The frequency at which a cat purr is
Cats purr with a consistent pattern and frequency between 20 and 150 Hertz.
As the muscles on your cat’s larynx move, they constrict the vocal cords, resulting in air vibrations called purrs. The frequency of these vibrations is said to promote bone growth.
Cats purr when they are nursing their kittens, or when a human stroke or feeds it. Your cat will also purr when about to sleep, dying, grooming each other, or investigating a new environment.
Cats Purr Explained
Our feline friends communicate with us in various ways, but one particularly interesting sound they make is the purr. It is often associated with contentment and happiness or as an expression of pleasure.
You must be curious to know how your cat manages to make this sound, the frequency, and if there are any benefits to you or your cat.
I will tell you all about your cat’s purring frequency. Don’t be too scared if this topic sounds too technical, I will explain this in simple terms.
The exact frequency depends on its circumstances
The frequency of a cat’s purr varies depending on circumstances. It might purr loudly when you stroke it in places it likes, such as the chin. This shows it is happy. But sometimes your cat will purr even when you are not around.
People who own more than one cat point out that no two cats are the same. Some cats will purr loudly, and others will rarely purr.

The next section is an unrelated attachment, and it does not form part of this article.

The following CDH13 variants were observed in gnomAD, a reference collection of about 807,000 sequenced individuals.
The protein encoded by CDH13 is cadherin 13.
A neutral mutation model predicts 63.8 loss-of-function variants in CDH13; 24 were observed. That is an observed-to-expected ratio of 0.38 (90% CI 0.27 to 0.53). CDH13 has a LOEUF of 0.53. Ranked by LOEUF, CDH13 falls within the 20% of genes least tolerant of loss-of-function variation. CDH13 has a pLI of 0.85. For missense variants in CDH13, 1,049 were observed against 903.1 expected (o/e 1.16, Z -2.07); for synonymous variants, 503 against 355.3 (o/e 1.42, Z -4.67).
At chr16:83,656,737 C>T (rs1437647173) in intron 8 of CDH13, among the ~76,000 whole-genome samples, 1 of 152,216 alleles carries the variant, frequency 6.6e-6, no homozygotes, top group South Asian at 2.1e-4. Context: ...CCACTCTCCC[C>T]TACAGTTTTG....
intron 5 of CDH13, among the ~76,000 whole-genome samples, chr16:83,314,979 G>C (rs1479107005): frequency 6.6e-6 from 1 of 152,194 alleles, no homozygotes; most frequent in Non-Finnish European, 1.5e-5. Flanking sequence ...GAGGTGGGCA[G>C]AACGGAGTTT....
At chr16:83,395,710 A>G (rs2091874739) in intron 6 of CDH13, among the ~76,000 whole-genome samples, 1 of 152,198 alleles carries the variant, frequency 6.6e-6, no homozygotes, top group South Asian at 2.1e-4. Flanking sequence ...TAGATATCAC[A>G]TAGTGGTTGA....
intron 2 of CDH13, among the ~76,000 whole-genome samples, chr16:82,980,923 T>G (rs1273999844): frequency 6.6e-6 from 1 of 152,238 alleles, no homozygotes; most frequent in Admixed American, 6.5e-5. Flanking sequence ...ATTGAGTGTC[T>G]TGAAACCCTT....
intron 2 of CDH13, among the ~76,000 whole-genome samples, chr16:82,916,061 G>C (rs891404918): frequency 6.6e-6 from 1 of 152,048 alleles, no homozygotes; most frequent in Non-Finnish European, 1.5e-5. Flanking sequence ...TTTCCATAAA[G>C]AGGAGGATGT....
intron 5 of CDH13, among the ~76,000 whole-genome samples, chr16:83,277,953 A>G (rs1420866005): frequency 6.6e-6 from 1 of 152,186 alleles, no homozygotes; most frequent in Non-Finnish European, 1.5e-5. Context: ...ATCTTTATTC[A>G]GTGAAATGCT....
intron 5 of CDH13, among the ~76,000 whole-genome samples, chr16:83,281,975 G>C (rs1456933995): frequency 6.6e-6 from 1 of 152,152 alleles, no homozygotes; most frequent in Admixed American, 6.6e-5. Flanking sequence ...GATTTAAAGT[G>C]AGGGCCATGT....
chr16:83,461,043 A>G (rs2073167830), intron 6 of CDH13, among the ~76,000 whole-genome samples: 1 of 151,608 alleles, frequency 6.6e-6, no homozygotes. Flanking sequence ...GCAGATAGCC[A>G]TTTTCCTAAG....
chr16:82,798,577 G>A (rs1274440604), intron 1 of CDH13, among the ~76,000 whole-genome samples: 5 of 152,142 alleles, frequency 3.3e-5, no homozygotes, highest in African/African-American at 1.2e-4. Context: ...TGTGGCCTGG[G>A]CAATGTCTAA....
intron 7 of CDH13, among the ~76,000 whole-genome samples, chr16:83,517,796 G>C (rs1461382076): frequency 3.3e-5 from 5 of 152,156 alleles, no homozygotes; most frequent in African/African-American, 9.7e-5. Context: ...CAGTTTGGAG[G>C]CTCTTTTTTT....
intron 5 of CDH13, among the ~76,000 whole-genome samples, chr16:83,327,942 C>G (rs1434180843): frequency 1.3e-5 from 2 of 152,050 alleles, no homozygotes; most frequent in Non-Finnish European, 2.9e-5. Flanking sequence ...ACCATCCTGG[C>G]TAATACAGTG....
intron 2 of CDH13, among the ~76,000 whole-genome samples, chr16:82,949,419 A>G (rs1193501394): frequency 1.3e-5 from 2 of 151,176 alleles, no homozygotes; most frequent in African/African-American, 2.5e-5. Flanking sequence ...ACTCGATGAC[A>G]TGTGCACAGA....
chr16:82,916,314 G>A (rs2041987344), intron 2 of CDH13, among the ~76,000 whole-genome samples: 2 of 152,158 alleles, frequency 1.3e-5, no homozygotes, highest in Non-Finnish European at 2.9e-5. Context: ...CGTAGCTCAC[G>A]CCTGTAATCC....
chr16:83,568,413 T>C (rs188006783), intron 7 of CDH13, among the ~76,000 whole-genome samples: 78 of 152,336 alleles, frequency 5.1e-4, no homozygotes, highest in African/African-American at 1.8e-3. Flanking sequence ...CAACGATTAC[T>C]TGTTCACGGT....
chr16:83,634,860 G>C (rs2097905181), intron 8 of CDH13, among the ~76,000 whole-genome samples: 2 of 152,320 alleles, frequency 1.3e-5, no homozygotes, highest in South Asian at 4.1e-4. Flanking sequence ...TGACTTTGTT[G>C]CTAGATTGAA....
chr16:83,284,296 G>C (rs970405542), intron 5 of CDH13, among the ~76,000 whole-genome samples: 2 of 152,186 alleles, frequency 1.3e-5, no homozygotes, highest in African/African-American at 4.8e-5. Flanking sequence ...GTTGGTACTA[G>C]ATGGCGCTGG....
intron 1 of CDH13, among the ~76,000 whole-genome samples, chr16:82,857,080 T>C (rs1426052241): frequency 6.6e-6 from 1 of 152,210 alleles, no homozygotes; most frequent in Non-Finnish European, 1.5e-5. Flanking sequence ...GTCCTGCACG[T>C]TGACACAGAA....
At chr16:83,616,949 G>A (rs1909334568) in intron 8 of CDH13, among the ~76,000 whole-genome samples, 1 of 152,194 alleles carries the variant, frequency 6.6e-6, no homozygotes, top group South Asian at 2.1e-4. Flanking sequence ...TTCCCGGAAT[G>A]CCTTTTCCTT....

The frequency of your cat’s vibrations range from 20Hz to 150Hz, during both inhalation and exhalation. As your cat breathes, the air touches the vibrating muscles, and this is what produces the purring sound.
This has been thought to promote bone growth. According to researchers, your cat’s purring frequencies “correspond with established healing frequencies therapeutic medicine for humans.”
Since cats spend long hours sleeping, purring helps stimulate their bones to prevent it from becoming too brittle or weak.
Thus, you might assume your cat’s purring in its slumber is a sign of contentment, but it could be a form of self-repair. The vibrations are a way to keep its bones and tissue in good condition as it is resting.
Some cats have a high-pitched purr, while others will just purr in a low rumble. It is just a matter of cat personality.
Your Cat’s Purr Has a Healing Effect